3. Hold Them Accountable
Hold your young child accountable to good money habits. You can do this by showing them how their behaviors impact their ability to earn and save money. For instance, if they do not complete their chores that earn them an allowance, then they do not receive their allowance. This teaches them that follow-through and work earns money. Another way you can hold them accountable is by helping them set money goals like saving so many dollars for that toy they really want. If they don’t save the money, then they don’t get the toy.
4. Make Them Prioritize Their Money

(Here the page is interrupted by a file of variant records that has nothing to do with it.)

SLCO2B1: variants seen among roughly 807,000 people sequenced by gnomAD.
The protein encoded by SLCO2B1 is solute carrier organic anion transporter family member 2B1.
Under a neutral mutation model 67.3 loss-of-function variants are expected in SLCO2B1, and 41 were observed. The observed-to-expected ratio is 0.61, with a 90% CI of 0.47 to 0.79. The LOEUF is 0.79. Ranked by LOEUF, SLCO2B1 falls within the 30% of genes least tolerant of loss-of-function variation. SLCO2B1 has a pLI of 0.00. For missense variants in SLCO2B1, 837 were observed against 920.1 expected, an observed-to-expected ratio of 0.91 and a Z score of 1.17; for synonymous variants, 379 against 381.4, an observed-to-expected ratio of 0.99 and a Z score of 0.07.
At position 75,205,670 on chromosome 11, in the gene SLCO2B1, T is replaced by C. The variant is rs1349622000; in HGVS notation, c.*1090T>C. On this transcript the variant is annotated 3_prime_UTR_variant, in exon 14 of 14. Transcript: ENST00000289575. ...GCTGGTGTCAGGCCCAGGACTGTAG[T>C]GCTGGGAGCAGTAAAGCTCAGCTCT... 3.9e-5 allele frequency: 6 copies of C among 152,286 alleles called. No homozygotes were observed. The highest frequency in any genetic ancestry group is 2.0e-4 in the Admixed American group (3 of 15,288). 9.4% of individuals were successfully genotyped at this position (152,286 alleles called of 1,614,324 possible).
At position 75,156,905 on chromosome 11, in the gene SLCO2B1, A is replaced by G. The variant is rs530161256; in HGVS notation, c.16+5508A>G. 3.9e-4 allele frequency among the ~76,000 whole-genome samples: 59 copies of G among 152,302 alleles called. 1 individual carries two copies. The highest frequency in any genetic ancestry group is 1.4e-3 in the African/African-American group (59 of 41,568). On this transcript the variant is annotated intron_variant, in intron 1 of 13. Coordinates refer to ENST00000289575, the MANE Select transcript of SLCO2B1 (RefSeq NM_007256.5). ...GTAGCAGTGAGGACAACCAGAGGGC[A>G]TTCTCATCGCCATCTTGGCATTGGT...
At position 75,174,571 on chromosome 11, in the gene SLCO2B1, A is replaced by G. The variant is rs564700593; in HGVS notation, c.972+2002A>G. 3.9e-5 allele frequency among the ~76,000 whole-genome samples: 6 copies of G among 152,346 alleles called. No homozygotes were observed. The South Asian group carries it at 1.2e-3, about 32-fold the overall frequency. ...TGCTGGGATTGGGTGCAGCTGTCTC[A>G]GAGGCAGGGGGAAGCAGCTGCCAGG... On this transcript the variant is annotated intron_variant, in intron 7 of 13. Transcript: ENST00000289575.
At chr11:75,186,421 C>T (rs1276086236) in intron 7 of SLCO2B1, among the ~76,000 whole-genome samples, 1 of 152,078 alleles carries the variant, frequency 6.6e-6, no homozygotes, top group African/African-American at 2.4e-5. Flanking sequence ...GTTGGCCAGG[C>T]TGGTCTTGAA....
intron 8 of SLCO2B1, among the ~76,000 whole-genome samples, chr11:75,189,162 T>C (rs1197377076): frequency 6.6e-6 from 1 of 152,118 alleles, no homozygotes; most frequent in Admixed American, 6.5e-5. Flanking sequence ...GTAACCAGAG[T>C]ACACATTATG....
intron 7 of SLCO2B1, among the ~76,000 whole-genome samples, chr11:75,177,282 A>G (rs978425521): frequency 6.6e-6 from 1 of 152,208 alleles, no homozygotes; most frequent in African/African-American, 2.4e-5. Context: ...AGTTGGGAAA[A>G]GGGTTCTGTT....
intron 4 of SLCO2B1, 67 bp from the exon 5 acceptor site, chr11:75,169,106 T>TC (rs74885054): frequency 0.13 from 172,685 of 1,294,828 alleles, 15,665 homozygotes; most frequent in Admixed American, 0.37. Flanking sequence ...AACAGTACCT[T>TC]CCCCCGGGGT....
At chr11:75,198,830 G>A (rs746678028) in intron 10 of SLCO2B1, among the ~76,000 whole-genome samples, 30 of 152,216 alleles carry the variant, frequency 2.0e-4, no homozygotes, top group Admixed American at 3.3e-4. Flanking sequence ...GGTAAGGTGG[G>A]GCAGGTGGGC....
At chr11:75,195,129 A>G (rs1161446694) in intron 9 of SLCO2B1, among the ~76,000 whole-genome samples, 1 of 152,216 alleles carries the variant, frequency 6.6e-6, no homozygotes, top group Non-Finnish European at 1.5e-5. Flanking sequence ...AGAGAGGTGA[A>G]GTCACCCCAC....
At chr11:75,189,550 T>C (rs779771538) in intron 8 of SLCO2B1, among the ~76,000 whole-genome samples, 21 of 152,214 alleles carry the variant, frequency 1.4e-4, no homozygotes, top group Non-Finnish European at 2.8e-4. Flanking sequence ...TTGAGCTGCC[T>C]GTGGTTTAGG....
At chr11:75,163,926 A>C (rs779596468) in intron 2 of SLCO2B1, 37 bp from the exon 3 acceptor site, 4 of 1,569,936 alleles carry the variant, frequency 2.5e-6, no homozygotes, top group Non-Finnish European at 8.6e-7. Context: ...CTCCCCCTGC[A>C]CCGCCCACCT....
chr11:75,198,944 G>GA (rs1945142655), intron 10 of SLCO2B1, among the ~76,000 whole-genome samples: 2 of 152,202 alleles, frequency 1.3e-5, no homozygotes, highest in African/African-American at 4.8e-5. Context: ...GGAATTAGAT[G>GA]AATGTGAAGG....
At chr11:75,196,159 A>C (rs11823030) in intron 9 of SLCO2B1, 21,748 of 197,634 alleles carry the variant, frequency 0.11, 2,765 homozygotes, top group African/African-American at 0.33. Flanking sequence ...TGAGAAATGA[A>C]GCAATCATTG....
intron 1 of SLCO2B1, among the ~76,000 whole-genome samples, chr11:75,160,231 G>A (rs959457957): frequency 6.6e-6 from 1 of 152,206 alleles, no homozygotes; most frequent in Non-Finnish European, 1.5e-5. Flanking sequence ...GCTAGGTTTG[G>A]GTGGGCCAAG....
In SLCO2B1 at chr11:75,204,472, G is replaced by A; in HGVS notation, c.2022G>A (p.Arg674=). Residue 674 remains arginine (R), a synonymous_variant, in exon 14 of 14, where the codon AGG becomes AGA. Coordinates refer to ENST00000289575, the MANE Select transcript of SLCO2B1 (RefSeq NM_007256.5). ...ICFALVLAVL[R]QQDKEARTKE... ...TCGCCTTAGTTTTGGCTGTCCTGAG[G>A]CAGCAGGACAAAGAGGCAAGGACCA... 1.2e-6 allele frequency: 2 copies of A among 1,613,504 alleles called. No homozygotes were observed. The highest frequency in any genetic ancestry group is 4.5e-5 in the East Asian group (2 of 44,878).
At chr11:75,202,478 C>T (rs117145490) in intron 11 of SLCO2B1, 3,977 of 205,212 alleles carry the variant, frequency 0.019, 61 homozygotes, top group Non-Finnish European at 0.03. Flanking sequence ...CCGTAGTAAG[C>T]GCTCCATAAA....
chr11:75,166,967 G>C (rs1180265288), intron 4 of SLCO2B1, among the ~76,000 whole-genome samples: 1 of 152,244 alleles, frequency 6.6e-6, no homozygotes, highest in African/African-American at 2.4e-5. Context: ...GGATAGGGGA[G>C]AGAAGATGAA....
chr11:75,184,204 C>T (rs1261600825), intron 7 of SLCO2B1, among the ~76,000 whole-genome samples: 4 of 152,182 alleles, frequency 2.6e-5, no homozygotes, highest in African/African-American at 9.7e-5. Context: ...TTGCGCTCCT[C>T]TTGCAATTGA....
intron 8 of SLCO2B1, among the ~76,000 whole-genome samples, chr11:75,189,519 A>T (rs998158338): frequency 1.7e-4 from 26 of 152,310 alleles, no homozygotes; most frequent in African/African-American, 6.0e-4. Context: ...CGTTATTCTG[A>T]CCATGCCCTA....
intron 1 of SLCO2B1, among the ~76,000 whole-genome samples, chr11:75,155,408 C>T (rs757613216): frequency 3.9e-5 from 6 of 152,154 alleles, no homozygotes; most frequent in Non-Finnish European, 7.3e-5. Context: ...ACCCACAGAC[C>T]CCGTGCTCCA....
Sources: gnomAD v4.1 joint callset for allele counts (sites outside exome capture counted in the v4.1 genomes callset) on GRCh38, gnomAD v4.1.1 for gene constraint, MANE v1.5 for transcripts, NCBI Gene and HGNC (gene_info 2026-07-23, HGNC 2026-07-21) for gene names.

After your child earns his or her own money, it’s critical that you step in and show them how to make smart money decisions. You can create envelopes or folders labeled, “Tithe/Giving,” “Savings,” and “Spending.” Your money categories can be whatever you want them to be, but the point is to get your kids to establish smart money habits as early as possible. These are the types of habits that will benefit them their entire life.
As an example, I personally make my children put half of any birthday or holiday money into their savings account and allow them to spend the other half. A friend I know has his children save 1/3, donate 1/3, and spend 1/3. It is completely up to you how you want to teach them to prioritize.
5. Let Them Make Purchasing Decisions